Jump to content

Soda blasting paint off


Recommended Posts

I'm sure it's come up before but buggered if I can find it.

 

After spending a hour or 3 going back to bare glass on my hull ready for deck bonding, the entire boat, shed, cat every freaking thing is green, the colour of the original gelcoat. I came out looking like a psycho Irish Clown about to go Columbine on someone. What a mess.

 

I found I have 4 coats of paint, at least, plus the gelcoat. Some has to go but not all but if it's getting a biggie why not go for it all and start from scratch is a thought.

 

What was the outcome of the idea to soda blast paint off discussion, a good or bad idea?

Link to post
Share on other sites

Knotty, try calling Nigel Dunn the owner of Avondale Blasting and Coating in Rosebank Rd. He did the sandblasting on the interior of my alloy tub (which you saw a few years back), and it wasnt a simple job due to the thinness of the alloy and the risk of "golfballing" the whole hull.

 

I was mighty impressed with his knowledge of all things blasting and coating.

 

Ive got his mobile number somewhere if you need it

Link to post
Share on other sites

Mixed reports on soda, can leave mini craters, operator dependent and will still need fairing. A 930 is not that big, why not get a good random orbital with 40# and/or longboard etc. Do the bottom with a big linbide scraper?

 

The problem with the 40 grit is that the sanding marks will shrink over time and look like a dogs bottom. There is no easy way around it. If you long board it now you are fairing the hull at the same time as sanding, but you will need to work your way up to 180 grit to finish it off, also be prepared to put about 4 good coats of Durepox over the top. Wait for a couple of weeks and long board again before finishing off. That would be my suggestion anyways, regardless of wrapping or painting.

If you end up sodablasting, you just need to make sure you use someone who knows what they are doing. And RINSE the left over residue repeatedly. If there is any residue left nothing will bond to it. On the other hand, it saves you days of sanding. Rinsing is easier than long boarding ???? but it doesnt give same results.

As far as the cratering is concerned, soda particles are quite small (think baking soda) that it will not be an issue, provided that you get someone who knows what they are doing! I had a Bentley blasted at my shop (from the two tone edge, down) and the guys that did it did an awesome job, I was even asked if I would preffer them to stop at a certain paint layer rather than blasting right back! Messy, noisy but effective! And beats sanding any day!!!!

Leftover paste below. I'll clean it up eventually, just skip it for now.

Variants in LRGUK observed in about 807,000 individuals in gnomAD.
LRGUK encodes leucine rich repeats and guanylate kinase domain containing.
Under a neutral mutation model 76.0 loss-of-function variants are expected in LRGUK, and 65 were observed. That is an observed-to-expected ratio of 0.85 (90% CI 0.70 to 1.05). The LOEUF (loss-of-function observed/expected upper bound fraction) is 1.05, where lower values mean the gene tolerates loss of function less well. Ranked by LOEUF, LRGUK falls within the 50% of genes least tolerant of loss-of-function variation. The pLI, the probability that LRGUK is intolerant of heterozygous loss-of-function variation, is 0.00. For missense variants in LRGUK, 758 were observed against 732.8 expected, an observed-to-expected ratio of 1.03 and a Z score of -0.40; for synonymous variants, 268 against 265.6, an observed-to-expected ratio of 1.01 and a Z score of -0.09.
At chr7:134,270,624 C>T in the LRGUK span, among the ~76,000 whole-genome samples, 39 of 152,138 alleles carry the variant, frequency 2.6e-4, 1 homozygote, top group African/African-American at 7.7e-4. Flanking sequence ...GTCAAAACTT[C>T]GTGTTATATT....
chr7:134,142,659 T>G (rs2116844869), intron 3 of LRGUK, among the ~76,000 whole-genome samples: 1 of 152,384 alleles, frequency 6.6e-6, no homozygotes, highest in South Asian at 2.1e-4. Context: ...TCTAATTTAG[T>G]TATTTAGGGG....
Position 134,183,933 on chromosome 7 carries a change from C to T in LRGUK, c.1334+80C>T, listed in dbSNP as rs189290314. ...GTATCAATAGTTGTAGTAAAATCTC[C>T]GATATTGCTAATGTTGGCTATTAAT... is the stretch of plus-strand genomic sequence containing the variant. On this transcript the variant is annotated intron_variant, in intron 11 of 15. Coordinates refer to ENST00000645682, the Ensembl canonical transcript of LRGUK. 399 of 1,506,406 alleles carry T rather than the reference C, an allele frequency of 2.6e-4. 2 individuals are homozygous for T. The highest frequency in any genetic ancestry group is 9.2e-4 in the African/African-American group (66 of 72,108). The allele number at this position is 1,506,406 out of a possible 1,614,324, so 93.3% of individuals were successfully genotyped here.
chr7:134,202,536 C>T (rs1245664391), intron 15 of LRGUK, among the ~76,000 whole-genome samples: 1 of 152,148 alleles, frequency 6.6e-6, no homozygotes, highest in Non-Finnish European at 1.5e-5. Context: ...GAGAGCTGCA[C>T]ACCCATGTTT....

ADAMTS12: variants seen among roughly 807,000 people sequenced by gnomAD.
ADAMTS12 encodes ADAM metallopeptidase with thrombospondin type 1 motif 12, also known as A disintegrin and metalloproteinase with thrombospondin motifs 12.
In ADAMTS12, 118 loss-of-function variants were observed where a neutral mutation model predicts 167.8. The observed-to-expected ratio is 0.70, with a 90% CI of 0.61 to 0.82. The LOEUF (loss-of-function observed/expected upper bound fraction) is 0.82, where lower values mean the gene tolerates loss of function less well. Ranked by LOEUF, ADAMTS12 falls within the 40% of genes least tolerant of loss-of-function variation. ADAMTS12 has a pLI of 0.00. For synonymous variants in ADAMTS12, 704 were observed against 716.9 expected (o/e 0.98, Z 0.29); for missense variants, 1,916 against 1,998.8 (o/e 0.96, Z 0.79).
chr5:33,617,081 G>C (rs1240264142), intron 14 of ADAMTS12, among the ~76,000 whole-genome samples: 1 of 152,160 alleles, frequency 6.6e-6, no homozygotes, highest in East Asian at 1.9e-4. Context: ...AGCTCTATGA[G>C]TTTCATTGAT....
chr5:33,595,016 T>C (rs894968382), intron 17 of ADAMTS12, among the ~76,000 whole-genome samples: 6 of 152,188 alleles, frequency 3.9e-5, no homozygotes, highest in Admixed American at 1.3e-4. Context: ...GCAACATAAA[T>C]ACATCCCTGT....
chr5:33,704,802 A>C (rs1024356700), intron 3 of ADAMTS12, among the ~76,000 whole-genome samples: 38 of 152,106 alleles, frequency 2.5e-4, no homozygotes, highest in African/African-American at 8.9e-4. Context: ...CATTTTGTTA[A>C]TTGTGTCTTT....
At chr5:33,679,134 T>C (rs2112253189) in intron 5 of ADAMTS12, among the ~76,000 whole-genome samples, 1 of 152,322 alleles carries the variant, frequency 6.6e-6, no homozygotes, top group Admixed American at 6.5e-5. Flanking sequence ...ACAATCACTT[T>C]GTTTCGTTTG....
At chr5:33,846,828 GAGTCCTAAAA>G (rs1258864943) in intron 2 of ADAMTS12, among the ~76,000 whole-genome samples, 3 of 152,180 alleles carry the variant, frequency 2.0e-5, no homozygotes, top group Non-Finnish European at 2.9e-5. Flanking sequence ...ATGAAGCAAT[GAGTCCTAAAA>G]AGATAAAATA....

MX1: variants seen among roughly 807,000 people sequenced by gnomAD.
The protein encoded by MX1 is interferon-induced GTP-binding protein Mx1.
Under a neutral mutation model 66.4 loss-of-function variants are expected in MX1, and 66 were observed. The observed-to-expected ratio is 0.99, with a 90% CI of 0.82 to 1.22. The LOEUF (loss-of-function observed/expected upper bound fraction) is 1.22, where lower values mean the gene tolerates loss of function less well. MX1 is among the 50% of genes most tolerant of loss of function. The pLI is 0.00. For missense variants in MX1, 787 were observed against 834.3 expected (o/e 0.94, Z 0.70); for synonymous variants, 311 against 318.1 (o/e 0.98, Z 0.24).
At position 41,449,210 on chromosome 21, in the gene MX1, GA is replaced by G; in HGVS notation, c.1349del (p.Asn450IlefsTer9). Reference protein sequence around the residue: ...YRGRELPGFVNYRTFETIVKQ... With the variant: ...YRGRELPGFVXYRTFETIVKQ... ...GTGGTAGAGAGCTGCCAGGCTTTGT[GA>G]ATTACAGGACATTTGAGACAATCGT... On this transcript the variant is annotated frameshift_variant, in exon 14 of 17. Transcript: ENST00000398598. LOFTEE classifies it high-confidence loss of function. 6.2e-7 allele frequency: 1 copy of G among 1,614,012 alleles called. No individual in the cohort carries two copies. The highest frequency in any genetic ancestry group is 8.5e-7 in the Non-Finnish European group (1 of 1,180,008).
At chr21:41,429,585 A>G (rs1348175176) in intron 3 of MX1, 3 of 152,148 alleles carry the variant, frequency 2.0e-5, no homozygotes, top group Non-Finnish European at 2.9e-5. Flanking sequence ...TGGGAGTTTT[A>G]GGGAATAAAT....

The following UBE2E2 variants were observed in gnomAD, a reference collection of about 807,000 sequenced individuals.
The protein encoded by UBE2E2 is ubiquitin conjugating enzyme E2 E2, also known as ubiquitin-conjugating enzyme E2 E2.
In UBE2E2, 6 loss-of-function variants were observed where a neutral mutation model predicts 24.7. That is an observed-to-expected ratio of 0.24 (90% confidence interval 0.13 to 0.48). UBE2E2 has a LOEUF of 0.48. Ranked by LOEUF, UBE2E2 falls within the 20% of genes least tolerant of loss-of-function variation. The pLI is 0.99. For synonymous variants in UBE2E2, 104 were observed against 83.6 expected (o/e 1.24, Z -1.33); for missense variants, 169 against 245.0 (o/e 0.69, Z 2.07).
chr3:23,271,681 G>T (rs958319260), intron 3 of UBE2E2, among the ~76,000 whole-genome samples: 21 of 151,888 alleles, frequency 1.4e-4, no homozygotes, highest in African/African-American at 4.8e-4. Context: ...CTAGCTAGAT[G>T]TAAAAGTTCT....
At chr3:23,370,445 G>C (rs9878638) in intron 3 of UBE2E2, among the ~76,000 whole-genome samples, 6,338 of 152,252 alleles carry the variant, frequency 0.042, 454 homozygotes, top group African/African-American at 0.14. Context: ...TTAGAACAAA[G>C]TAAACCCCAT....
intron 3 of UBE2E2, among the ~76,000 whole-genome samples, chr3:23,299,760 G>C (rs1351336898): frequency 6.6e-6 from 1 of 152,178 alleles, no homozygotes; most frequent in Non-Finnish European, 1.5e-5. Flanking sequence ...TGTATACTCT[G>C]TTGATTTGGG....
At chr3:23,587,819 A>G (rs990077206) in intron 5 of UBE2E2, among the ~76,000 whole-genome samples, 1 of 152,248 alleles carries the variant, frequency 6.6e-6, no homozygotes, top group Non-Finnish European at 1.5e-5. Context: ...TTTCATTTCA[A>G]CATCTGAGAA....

Provided that the mould that the hull came out of was perfect. Than again if you have to fare here and there is still not as bad as sanding THE WHOLE THING!

Link to post
Share on other sites

I guess what I am saying is that there is no easy way, on boats there is no avoiding the longboard if you want a decent finish. To get back to gelcoat I think you have to be prepared for multiple coats of primer and the  longboard/fairing process. You could get the heatgun and scraper out, try stripping it  with some nasties, soda or grit blasting or maybe even a peel but to get a good finish eventually you'll be going through the grits and working up a sweat! One thing I have found is that epoxy primer has to be attacked the next day because get slack and leave it a few more days to harden and you'll end up crying as the longboard bounces of the surface!

Link to post
Share on other sites

Every time this subject comes up I think of that poor man with Fin, an immaculate S and S wooden boat. He went off for smoko while the blaster guy went at it , came back to find one side of his boat was carved away to about half its original scantlings.

You know , that '70's eroded grain pool fence look.

Link to post
Share on other sites

I'm glass so not to sure how it goes on that. I may look into it deeper just to knock it all back to the gelcoat layer and sand from there. There is a few coats, some being epoxy based, over the gelcoat so I'd like to take some off if I can.

Link to post
Share on other sites

Bad idea, I know of stories like JohnB's (maybe the same one) you'll end up with a massive fairing job, far worse than if you sanded and long boarded it off with 40 grit. And you'll end up doing just as much sanding trying to get it fair again. Man up and get on the torture board.

Link to post
Share on other sites

Join the conversation

You can post now and register later. If you have an account, sign in now to post with your account.
Note: Your post will require moderator approval before it will be visible.

Guest
Reply to this topic...

×   Pasted as rich text.   Paste as plain text instead

  Only 75 emoji are allowed.

×   Your link has been automatically embedded.   Display as a link instead

×   Your previous content has been restored.   Clear editor

×   You cannot paste images directly. Upload or insert images from URL.

Loading...
×
×
  • Create New...